The second regards the capacity for handling such a large amount of data. As also highlighted by the EDMO Taskforce on Disinformation on the War in Ukraine, only few universities have the capability to ingest the amount of data that is necessary to analyse platform data at scale and more resources need to be invested into universities and research centres across the EU.

The third point concerns the match between the policy and the research agenda. As mentioned, researchers will get access to do research with a specific purpose. This would very probably happen almost in parallel in all EU member states and would then inform the policy makers. To our knowledge, this exercise is something quite unique, and it will be interesting to see how the coordination  will take place.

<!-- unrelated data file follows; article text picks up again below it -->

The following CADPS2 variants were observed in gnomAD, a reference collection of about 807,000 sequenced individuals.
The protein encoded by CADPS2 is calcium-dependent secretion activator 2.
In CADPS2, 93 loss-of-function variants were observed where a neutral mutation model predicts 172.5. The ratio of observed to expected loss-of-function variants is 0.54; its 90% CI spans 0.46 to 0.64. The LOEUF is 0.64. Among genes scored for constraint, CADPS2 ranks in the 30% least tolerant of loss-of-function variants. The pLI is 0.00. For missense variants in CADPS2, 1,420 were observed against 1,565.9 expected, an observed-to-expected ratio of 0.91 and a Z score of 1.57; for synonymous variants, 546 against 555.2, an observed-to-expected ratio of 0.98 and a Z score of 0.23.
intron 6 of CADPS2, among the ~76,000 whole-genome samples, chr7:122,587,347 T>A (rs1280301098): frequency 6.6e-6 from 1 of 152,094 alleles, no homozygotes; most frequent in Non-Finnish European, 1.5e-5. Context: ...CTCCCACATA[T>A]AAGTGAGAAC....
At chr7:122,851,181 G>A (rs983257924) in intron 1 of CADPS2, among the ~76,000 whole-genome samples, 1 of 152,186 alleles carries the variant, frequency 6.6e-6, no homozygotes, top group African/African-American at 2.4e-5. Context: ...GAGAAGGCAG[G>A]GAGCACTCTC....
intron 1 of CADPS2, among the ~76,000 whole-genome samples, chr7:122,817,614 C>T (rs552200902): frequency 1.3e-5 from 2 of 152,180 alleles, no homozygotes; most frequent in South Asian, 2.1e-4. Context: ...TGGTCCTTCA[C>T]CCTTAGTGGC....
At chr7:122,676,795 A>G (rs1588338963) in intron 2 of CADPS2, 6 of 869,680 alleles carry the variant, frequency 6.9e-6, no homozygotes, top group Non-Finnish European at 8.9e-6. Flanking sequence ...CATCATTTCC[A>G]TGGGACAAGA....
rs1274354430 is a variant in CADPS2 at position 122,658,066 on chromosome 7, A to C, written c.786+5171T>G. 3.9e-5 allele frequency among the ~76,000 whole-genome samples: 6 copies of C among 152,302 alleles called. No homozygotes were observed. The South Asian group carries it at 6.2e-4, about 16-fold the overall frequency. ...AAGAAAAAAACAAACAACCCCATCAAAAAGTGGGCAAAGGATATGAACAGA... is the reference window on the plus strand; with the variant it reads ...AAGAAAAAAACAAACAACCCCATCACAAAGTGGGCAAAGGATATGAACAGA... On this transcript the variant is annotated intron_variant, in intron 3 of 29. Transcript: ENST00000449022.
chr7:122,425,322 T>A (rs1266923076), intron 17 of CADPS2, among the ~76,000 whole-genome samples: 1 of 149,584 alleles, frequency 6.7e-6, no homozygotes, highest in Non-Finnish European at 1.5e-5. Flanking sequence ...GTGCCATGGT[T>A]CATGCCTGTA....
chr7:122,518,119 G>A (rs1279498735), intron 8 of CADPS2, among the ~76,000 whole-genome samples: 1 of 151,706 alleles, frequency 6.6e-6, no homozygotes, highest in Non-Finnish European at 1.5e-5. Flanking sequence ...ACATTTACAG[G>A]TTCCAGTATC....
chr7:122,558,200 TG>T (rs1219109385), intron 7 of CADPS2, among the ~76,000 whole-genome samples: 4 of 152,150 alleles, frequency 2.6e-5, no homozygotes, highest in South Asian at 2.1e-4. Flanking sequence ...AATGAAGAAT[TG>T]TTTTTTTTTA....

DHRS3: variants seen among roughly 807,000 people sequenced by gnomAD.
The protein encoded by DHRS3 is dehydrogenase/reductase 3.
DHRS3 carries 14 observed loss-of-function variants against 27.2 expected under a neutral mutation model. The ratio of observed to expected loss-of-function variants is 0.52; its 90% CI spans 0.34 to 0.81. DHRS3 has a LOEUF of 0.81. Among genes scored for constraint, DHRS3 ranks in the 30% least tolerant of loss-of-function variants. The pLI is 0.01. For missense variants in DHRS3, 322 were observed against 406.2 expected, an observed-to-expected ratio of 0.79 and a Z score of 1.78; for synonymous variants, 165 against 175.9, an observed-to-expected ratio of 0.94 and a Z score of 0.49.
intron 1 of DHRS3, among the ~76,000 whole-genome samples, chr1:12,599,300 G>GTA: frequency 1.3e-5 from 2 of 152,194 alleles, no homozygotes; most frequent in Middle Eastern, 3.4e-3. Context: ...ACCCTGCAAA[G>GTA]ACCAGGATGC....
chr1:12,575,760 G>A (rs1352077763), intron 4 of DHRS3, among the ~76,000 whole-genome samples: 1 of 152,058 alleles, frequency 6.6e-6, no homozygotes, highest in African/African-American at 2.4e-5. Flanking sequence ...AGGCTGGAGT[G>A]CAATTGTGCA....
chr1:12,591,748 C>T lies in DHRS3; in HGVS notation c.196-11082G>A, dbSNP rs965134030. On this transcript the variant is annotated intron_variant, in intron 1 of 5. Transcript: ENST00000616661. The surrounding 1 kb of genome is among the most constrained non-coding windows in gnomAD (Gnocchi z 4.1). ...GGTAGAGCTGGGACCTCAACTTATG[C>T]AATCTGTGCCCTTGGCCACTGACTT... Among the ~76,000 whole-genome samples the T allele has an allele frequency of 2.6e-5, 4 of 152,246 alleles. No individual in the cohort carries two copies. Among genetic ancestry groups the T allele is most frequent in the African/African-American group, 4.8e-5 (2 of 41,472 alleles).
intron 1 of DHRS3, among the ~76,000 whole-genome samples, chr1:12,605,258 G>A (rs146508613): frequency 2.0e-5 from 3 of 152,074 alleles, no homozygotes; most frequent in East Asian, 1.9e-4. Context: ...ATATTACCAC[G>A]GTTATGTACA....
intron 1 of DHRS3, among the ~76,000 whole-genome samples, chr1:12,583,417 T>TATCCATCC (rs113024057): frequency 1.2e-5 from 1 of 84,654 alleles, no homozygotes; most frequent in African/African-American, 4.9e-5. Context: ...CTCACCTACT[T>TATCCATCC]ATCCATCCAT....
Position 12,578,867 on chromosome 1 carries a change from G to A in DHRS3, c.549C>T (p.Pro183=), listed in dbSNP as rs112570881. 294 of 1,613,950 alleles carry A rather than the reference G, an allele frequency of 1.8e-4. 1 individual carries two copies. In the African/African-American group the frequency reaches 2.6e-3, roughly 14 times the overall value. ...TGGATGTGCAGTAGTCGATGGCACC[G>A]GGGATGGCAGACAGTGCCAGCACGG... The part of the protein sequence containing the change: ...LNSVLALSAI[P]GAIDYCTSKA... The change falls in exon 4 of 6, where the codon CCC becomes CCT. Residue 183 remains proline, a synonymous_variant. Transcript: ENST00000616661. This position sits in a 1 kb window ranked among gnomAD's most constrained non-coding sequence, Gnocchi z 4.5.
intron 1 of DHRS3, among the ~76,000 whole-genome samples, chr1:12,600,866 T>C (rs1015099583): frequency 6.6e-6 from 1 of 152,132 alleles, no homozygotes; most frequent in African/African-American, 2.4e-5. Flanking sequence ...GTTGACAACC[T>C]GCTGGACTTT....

Next steps

To summarise, the Code of Practice and the DSA are creating the potential for a thriving research ecology on disinformation. Independence, strong infrastructures and coordination will be key to profit from this opportunity.

As for independent access to data, the  European Digital Media Observatory (EDMO) working group led by Professor Rebekah Tromble has issued a report that includes a draft code of conduct for data access for research purposes, on the basis of Article 40 GDPR. As a follow-up, Tromble is leading the work to establish an intermediary body that could on one side vet researchers and research projects and on the other side oversee the provision of data access. Although no official decision has yet been made, this body could serve as a starting point and potentially as a delegated solution under the umbrella of the DSA.